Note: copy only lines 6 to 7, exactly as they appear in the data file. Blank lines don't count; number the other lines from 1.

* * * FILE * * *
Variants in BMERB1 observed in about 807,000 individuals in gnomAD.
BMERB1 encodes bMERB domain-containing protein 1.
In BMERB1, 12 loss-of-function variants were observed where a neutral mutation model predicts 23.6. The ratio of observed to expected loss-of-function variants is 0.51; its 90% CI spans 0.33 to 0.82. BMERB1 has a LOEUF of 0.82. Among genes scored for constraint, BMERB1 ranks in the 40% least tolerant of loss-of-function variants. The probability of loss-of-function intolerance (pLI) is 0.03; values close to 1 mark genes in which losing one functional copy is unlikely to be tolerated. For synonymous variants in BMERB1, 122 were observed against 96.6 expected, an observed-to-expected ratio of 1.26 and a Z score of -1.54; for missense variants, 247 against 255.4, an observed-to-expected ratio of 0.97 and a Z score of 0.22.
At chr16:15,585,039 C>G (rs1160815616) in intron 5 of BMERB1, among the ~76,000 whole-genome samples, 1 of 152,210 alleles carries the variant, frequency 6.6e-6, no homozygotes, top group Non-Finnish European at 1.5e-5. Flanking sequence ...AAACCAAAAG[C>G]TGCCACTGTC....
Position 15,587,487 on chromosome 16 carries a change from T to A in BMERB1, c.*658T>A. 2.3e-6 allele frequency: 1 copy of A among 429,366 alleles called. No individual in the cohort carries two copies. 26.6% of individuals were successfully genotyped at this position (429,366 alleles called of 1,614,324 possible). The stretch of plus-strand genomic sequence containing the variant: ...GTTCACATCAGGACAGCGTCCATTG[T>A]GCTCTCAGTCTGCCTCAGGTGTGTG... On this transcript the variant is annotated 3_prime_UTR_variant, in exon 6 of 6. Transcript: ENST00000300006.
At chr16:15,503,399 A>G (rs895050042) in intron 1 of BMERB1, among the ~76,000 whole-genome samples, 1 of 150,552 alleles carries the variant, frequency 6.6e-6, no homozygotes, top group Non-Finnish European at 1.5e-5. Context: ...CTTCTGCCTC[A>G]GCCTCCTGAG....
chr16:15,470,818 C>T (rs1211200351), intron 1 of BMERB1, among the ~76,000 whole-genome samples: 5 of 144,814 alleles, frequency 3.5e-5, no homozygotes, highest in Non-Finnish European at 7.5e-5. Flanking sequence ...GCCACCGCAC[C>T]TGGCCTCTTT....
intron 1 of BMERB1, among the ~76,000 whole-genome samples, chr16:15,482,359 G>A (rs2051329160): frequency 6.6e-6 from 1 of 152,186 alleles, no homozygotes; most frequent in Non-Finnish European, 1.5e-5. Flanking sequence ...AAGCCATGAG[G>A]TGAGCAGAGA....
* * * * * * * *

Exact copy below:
At chr16:15,503,399 A>G (rs895050042) in intron 1 of BMERB1, among the ~76,000 whole-genome samples, 1 of 150,552 alleles carries the variant, frequency 6.6e-6, no homozygotes, top group Non-Finnish European at 1.5e-5. Context: ...CTTCTGCCTC[A>G]GCCTCCTGAG....
chr16:15,470,818 C>T (rs1211200351), intron 1 of BMERB1, among the ~76,000 whole-genome samples: 5 of 144,814 alleles, frequency 3.5e-5, no homozygotes, highest in Non-Finnish European at 7.5e-5. Flanking sequence ...GCCACCGCAC[C>T]TGGCCTCTTT....